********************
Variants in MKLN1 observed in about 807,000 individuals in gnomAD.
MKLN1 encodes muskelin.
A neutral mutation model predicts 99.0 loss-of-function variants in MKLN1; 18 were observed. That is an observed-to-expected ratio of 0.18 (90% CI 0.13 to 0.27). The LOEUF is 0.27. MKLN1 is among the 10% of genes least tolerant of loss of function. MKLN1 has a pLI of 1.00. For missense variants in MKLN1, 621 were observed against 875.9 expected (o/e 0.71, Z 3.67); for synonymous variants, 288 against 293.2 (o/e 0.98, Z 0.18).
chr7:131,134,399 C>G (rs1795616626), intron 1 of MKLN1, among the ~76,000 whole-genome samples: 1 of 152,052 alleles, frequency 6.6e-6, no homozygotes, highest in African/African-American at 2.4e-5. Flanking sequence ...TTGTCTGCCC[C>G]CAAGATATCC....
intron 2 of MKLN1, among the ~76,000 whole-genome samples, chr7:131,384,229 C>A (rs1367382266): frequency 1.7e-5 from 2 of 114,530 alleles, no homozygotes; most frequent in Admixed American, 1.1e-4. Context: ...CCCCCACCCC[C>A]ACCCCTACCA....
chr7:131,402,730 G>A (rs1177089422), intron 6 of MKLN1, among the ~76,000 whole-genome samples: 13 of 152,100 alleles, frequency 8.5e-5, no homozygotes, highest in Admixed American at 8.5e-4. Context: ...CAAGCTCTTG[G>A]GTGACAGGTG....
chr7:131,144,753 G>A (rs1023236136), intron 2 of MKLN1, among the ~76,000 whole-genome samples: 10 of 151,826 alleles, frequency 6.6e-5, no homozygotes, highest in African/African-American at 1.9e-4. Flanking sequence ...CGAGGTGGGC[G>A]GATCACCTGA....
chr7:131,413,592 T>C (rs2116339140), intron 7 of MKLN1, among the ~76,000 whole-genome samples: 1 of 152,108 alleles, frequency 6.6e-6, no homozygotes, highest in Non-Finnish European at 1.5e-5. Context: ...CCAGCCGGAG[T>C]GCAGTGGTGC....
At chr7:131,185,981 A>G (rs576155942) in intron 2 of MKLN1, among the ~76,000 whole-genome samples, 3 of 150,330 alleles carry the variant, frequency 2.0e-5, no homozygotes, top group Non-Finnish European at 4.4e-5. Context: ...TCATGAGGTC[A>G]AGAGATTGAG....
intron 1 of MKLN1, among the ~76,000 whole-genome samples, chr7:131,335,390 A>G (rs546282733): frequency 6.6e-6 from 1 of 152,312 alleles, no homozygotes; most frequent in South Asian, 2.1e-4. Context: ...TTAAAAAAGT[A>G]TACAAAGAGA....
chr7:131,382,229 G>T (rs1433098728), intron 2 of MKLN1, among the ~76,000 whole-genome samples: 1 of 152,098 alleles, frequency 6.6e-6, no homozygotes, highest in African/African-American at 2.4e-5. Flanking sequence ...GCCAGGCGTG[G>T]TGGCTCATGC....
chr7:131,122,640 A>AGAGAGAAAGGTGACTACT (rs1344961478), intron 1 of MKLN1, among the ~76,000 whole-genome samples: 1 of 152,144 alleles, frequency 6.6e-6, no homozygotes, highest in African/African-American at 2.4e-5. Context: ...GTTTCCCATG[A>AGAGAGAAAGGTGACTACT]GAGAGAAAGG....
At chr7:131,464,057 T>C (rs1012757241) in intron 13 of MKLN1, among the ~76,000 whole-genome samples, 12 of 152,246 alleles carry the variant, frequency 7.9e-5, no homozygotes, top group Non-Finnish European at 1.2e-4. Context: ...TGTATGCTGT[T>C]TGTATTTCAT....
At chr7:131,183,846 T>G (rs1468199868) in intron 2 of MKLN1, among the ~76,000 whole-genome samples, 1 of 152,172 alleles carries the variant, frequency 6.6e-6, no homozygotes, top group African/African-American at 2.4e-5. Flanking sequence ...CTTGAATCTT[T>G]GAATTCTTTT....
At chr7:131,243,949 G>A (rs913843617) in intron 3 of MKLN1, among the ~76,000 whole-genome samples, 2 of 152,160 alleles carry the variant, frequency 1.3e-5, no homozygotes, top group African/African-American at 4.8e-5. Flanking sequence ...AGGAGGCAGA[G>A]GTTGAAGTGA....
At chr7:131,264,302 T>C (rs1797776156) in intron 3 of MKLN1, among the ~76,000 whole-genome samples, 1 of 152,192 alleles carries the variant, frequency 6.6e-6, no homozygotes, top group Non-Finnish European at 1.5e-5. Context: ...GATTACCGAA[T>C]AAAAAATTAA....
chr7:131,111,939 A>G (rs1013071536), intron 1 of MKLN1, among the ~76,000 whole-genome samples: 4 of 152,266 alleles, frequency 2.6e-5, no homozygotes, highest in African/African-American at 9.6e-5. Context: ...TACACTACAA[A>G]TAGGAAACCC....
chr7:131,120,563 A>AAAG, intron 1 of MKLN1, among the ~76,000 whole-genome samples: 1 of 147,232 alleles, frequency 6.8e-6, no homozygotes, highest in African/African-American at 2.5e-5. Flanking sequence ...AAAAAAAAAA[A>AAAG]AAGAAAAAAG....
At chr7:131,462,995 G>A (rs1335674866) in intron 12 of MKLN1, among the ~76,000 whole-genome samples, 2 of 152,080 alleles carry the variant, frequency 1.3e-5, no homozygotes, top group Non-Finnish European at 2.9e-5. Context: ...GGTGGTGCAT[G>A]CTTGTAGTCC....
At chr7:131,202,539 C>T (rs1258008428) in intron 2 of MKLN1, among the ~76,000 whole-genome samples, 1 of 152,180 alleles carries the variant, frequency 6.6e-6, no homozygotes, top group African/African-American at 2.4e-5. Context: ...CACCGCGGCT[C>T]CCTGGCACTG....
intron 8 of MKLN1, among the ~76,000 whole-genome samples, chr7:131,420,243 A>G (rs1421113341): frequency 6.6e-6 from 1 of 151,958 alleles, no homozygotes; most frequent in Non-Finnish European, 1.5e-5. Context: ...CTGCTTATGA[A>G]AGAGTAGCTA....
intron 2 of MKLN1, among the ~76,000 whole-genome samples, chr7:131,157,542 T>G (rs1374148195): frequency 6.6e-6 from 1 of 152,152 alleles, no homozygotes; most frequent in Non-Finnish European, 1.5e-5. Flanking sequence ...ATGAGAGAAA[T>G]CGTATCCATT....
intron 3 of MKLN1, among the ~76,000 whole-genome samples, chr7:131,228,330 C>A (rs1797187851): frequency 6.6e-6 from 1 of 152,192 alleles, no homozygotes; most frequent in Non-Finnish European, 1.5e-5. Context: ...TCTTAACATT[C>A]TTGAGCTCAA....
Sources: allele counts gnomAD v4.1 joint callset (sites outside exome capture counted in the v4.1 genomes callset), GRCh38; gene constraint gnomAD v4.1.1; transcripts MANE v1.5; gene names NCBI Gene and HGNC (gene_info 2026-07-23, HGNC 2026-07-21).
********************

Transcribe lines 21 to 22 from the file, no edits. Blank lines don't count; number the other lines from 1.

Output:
intron 8 of MKLN1, among the ~76,000 whole-genome samples, chr7:131,420,243 A>G (rs1421113341): frequency 6.6e-6 from 1 of 151,958 alleles, no homozygotes; most frequent in Non-Finnish European, 1.5e-5. Context: ...CTGCTTATGA[A>G]AGAGTAGCTA....
intron 2 of MKLN1, among the ~76,000 whole-genome samples, chr7:131,157,542 T>G (rs1374148195): frequency 6.6e-6 from 1 of 152,152 alleles, no homozygotes; most frequent in Non-Finnish European, 1.5e-5. Flanking sequence ...ATGAGAGAAA[T>G]CGTATCCATT....